If you've ever looked at a photograph and asked, "Oh god, do I really look like that?" the answer is almost certainly no. Nobody looks like they do in photos. Not even professional models. Especially not professional models.

Photography is two-dimensional. It cuts both depth and time out of your perception of the subject. It's hard to judge how quickly things curve towards or away from the camera, and it's easy to snap the shutter at the one instant, right in the middle of a movement, that looks bizarre and awkward. You need a lot of practice to light things such that the shadows suggest the shape that's actually there -- or at least the shape you want -- and you still spend a lot of time sifting through proofs and throwing away all the ones that look weird. I routinely get back lots of 300 proofs from a shoot, of which like ten are worth showing to the outside world.

Most of what makes people cringe about pictures is that they don't look like the image they see in the mirror. Part of this is that you're slightly asymmetrical -- everyone is -- and your face is flipped from what you get in a reflection. It makes your brain twitch something awful until you get used to it. The rest is that, under the kind of random lighting you usually see in, say, candid shots from the bar, your body looks like a shapeless blob. You undoubtedly look perfectly fine in real life, where people have depth perception and can see the shadows shift as you move around, but whatever pattern of reflection the camera has caught isn't an accurate reflection of that.

You can see an excellent demonstration of this phenomenon here, in Gracie Hagen's online gallery for "Illusions of the Body". (NSFW for artstic nudity.) The left photos are done in a variety of standard modeling poses, under standard two source (or source-and-reflector) portrait lighting, commonly used because they give a reasonably 'true' idea of what the model looks like without producing a lot of weird shadows or distracting artifacts. The right photos are done under the same lighting, with the model facing a different way, blocking light with parts of their bodies, and slouched over in the kind of way people often are in real life. If nothing else, this should illustrate exactly why people keep bugging you to stand up straight.

When you're talking about professional photography, there's also often a lot of paint involved. People have this idea that to be a model, you have to be absolutely flawless. Ha. No. Casting directors will generally ignore things like pores, dimples, light to moderate acne or acne scars, rosacea, under-eye circles or bagging, crow's feet, cellulite, moles, freckles, scars, tattoos, and any number of other things that are in any way more malleable than your basic skeletal structure. They just paint over anything they don't like, either on you beforehand or on the proofs afterward. I laugh at those bottles in the drugstore that claim to be "photo-finish foundation". What they actually put on you for photos, no matter what you look like when they start, is three or four layers thick, and can be scratched with a fingernail.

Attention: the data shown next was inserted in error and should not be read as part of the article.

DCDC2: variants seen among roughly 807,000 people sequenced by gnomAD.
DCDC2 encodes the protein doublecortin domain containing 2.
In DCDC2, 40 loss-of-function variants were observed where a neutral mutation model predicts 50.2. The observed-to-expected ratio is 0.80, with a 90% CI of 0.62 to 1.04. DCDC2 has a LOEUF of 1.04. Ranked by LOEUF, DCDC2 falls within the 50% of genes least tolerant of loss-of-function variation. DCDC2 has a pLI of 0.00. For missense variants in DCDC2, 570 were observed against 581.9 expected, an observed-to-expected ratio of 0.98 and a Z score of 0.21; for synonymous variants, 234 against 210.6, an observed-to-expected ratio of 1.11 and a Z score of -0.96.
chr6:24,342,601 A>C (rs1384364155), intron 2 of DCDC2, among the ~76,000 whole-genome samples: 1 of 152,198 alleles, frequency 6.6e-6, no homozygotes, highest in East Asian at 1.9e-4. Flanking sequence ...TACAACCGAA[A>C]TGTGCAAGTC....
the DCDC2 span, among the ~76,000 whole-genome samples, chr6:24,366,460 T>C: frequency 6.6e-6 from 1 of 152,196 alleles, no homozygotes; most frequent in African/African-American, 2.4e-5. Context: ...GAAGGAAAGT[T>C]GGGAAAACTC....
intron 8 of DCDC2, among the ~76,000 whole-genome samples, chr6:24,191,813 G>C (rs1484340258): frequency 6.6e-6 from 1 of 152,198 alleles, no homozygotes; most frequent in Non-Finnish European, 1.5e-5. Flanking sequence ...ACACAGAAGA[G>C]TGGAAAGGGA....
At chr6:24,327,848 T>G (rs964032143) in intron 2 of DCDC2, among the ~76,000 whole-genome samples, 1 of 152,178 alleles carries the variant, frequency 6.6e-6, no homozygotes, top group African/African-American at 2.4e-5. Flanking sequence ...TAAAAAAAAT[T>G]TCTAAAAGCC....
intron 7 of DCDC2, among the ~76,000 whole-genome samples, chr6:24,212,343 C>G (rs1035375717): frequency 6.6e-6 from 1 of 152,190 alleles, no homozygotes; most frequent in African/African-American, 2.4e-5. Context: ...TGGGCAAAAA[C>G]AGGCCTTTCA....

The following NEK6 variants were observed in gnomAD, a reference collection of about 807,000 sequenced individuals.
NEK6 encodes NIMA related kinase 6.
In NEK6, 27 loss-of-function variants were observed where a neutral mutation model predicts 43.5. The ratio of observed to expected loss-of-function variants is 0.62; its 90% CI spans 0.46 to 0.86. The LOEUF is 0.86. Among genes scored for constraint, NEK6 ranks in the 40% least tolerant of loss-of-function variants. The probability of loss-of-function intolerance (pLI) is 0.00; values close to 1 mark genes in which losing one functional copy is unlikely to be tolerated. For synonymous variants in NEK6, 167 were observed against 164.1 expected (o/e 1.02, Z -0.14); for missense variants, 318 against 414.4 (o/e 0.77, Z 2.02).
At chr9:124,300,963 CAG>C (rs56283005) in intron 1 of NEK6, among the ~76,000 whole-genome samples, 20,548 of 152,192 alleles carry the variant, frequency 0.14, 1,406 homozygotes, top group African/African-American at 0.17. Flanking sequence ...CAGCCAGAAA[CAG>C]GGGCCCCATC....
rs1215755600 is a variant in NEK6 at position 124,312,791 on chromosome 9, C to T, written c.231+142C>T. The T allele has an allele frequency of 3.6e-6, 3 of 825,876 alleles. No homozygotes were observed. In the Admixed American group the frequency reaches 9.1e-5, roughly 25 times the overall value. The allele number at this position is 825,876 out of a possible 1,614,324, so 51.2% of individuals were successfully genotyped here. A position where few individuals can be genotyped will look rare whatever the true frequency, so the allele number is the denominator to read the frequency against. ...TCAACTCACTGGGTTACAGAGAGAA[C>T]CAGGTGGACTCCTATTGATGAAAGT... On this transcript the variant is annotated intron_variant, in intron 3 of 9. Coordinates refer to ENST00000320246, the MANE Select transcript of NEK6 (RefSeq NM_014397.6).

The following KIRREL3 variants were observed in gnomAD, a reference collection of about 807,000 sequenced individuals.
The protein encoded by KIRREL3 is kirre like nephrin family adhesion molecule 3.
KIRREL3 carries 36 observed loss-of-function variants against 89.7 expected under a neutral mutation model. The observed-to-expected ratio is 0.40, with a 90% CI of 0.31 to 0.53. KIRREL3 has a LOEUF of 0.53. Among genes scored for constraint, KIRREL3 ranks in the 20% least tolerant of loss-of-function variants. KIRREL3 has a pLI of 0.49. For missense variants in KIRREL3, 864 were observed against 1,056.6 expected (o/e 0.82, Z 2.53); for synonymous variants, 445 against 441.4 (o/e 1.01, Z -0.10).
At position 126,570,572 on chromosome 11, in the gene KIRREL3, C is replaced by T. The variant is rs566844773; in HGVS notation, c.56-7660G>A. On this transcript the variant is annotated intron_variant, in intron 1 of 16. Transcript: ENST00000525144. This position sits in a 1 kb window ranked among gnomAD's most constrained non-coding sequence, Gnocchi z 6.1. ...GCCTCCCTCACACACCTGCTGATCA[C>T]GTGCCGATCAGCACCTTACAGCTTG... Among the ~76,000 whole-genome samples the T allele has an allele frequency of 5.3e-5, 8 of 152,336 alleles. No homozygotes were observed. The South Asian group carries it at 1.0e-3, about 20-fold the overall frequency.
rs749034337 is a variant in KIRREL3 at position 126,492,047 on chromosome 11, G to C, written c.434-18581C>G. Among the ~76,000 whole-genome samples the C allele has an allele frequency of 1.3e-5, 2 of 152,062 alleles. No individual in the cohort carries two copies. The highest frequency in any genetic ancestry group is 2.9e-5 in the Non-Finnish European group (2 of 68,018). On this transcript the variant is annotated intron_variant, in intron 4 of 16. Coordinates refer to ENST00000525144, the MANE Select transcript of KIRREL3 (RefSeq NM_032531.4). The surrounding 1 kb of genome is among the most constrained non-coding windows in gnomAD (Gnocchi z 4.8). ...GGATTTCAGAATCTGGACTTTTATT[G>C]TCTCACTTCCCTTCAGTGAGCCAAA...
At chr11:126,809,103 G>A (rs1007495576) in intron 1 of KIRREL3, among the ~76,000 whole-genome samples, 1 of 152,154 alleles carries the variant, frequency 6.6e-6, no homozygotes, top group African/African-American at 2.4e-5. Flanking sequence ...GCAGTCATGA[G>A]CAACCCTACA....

There is a specific 'look' used in makeup in professional model photography. It's something people aren't really aware of, because it's so pervasive that it's effectively become part of the medium -- Dove's 'Real Women' ad campaign looks makeup-free to most people just because it doesn't occur to them that shoot makeup could look like anything other than what you see on supermodels or socialites like Paris Hilton and Kim Kardashian. It's not, as you can see from this backstage video. They do show the models without makeup here -- shiny faces mean no foundation has been spackled on them yet -- but the actual campaign involves about as much airbrushing as anything else does.

In contrast, here are some before and after photos from makeup artist Vadim Andreev. The women look perfectly fine, if ordinary, in the before shots, but in the after shots they suddenly strike you as professional model, even though you don't recognize any of them from any kind of media work. He's decorated them with the specific style of makeup you're used to seeing in ads and on the red carpet.

I might also add that that is a hell of a lot of pigment they're all wearing around the eyes. The entire reason eye primer was invented was because you need a layer of gesso under that much eye shadow, or that shit will crack and flake off when you blink. Most of them are wearing gel or liquid eyeliner as well, which feels utterly bizarre the first few times you use it. The stuff is basically tempera paint using pigments and binder cleared by the FDA for use around mucous membranes. If you're ever doing ad-hoc theatrical makeup for Halloween or some such, eye pigments are safe for use anywhere on the body, and gel eyeliner/mascara are great for doodling on yourself. You can paint your eyelashes weird colors with liquid eyeliner, if you're careful. Lip pigments are also safe, with the main difference that they're allowed to contain larger flakes of mica or glitter that might not be so comfortable if they flaked off and got into your eyes.

There is also much to be said for posing. It starts to become habit after a while -- Kate Moss, f'r instance, is making standard fashion model sexyface in all of her wedding photos. Buzzfeed circulated some awesome photos of burlesque dancers in and out of costume a while ago. In their street clothes, they're standing like normal humans; in their pasties and sequins, they're hamming it up as performers. I can personally vouch for the fact that the burlesquerie looks radically different in street clothes -- I knew one girl for weeks before I finally recognized the cute little upturned nose holding her glasses up as belonging to the same lady I'd last seen tearing around the theater with Pop Tarts glued to her boobs.